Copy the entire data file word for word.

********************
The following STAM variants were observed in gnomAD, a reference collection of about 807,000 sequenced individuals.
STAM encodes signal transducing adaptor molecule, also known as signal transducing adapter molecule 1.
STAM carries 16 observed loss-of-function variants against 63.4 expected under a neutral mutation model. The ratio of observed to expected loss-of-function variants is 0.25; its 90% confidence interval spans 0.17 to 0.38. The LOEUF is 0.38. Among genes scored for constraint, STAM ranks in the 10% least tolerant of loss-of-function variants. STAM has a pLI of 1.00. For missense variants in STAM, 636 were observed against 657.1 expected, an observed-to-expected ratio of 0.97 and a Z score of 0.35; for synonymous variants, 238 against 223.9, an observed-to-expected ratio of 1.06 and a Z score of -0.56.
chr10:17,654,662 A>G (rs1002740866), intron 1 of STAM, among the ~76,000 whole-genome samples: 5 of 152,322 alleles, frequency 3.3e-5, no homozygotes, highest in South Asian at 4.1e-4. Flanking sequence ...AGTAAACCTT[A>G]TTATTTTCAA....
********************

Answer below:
The following STAM variants were observed in gnomAD, a reference collection of about 807,000 sequenced individuals.
STAM encodes signal transducing adaptor molecule, also known as signal transducing adapter molecule 1.
STAM carries 16 observed loss-of-function variants against 63.4 expected under a neutral mutation model. The ratio of observed to expected loss-of-function variants is 0.25; its 90% confidence interval spans 0.17 to 0.38. The LOEUF is 0.38. Among genes scored for constraint, STAM ranks in the 10% least tolerant of loss-of-function variants. STAM has a pLI of 1.00. For missense variants in STAM, 636 were observed against 657.1 expected, an observed-to-expected ratio of 0.97 and a Z score of 0.35; for synonymous variants, 238 against 223.9, an observed-to-expected ratio of 1.06 and a Z score of -0.56.
chr10:17,654,662 A>G (rs1002740866), intron 1 of STAM, among the ~76,000 whole-genome samples: 5 of 152,322 alleles, frequency 3.3e-5, no homozygotes, highest in South Asian at 4.1e-4. Flanking sequence ...AGTAAACCTT[A>G]TTATTTTCAA....